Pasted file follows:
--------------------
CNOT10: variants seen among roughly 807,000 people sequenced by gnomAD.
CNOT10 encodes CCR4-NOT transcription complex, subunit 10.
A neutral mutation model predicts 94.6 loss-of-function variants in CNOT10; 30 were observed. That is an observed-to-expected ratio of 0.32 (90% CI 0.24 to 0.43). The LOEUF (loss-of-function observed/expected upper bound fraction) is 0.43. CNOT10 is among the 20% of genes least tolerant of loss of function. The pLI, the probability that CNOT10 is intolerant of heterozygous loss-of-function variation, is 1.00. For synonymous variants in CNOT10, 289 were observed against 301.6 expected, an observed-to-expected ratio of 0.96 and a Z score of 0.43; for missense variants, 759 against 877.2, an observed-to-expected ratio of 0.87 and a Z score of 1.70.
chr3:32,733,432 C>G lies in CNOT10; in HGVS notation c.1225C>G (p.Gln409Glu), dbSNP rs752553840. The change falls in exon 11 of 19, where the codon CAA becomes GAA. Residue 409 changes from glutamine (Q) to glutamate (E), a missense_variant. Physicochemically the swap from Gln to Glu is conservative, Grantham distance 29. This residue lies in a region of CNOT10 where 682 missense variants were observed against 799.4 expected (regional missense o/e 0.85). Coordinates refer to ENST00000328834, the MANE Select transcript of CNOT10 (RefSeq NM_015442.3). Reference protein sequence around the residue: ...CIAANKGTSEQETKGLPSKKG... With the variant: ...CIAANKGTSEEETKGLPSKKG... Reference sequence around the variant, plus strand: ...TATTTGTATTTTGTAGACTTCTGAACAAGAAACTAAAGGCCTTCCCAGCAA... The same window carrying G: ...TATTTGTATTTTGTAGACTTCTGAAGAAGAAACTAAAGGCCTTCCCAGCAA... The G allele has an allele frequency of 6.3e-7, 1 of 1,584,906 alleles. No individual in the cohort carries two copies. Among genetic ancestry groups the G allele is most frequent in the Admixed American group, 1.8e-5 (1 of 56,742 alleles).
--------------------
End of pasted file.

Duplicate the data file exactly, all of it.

CNOT10: variants seen among roughly 807,000 people sequenced by gnomAD.
CNOT10 encodes CCR4-NOT transcription complex, subunit 10.
A neutral mutation model predicts 94.6 loss-of-function variants in CNOT10; 30 were observed. That is an observed-to-expected ratio of 0.32 (90% CI 0.24 to 0.43). The LOEUF (loss-of-function observed/expected upper bound fraction) is 0.43. CNOT10 is among the 20% of genes least tolerant of loss of function. The pLI, the probability that CNOT10 is intolerant of heterozygous loss-of-function variation, is 1.00. For synonymous variants in CNOT10, 289 were observed against 301.6 expected, an observed-to-expected ratio of 0.96 and a Z score of 0.43; for missense variants, 759 against 877.2, an observed-to-expected ratio of 0.87 and a Z score of 1.70.
chr3:32,733,432 C>G lies in CNOT10; in HGVS notation c.1225C>G (p.Gln409Glu), dbSNP rs752553840. The change falls in exon 11 of 19, where the codon CAA becomes GAA. Residue 409 changes from glutamine (Q) to glutamate (E), a missense_variant. Physicochemically the swap from Gln to Glu is conservative, Grantham distance 29. This residue lies in a region of CNOT10 where 682 missense variants were observed against 799.4 expected (regional missense o/e 0.85). Coordinates refer to ENST00000328834, the MANE Select transcript of CNOT10 (RefSeq NM_015442.3). Reference protein sequence around the residue: ...CIAANKGTSEQETKGLPSKKG... With the variant: ...CIAANKGTSEEETKGLPSKKG... Reference sequence around the variant, plus strand: ...TATTTGTATTTTGTAGACTTCTGAACAAGAAACTAAAGGCCTTCCCAGCAA... The same window carrying G: ...TATTTGTATTTTGTAGACTTCTGAAGAAGAAACTAAAGGCCTTCCCAGCAA... The G allele has an allele frequency of 6.3e-7, 1 of 1,584,906 alleles. No individual in the cohort carries two copies. Among genetic ancestry groups the G allele is most frequent in the Admixed American group, 1.8e-5 (1 of 56,742 alleles).